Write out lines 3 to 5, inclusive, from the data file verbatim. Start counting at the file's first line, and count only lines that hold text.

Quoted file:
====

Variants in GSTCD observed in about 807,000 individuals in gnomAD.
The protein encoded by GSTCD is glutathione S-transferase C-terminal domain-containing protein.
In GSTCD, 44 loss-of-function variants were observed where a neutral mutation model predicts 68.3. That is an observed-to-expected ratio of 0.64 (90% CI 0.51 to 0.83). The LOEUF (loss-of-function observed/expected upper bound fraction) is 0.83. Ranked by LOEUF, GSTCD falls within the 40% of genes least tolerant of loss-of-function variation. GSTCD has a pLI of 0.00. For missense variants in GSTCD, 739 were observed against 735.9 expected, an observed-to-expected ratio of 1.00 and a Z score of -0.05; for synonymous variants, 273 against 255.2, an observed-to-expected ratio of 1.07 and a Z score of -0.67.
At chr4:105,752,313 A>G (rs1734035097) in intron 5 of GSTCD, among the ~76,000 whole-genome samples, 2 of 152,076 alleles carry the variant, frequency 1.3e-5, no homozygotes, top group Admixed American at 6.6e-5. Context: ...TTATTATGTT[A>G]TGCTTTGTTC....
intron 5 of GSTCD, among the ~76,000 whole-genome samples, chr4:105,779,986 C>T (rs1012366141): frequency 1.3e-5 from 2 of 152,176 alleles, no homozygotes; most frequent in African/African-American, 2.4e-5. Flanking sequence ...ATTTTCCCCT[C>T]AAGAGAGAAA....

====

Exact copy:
In GSTCD, 44 loss-of-function variants were observed where a neutral mutation model predicts 68.3. That is an observed-to-expected ratio of 0.64 (90% CI 0.51 to 0.83). The LOEUF (loss-of-function observed/expected upper bound fraction) is 0.83. Ranked by LOEUF, GSTCD falls within the 40% of genes least tolerant of loss-of-function variation. GSTCD has a pLI of 0.00. For missense variants in GSTCD, 739 were observed against 735.9 expected, an observed-to-expected ratio of 1.00 and a Z score of -0.05; for synonymous variants, 273 against 255.2, an observed-to-expected ratio of 1.07 and a Z score of -0.67.
At chr4:105,752,313 A>G (rs1734035097) in intron 5 of GSTCD, among the ~76,000 whole-genome samples, 2 of 152,076 alleles carry the variant, frequency 1.3e-5, no homozygotes, top group Admixed American at 6.6e-5. Context: ...TTATTATGTT[A>G]TGCTTTGTTC....
intron 5 of GSTCD, among the ~76,000 whole-genome samples, chr4:105,779,986 C>T (rs1012366141): frequency 1.3e-5 from 2 of 152,176 alleles, no homozygotes; most frequent in African/African-American, 2.4e-5. Flanking sequence ...ATTTTCCCCT[C>T]AAGAGAGAAA....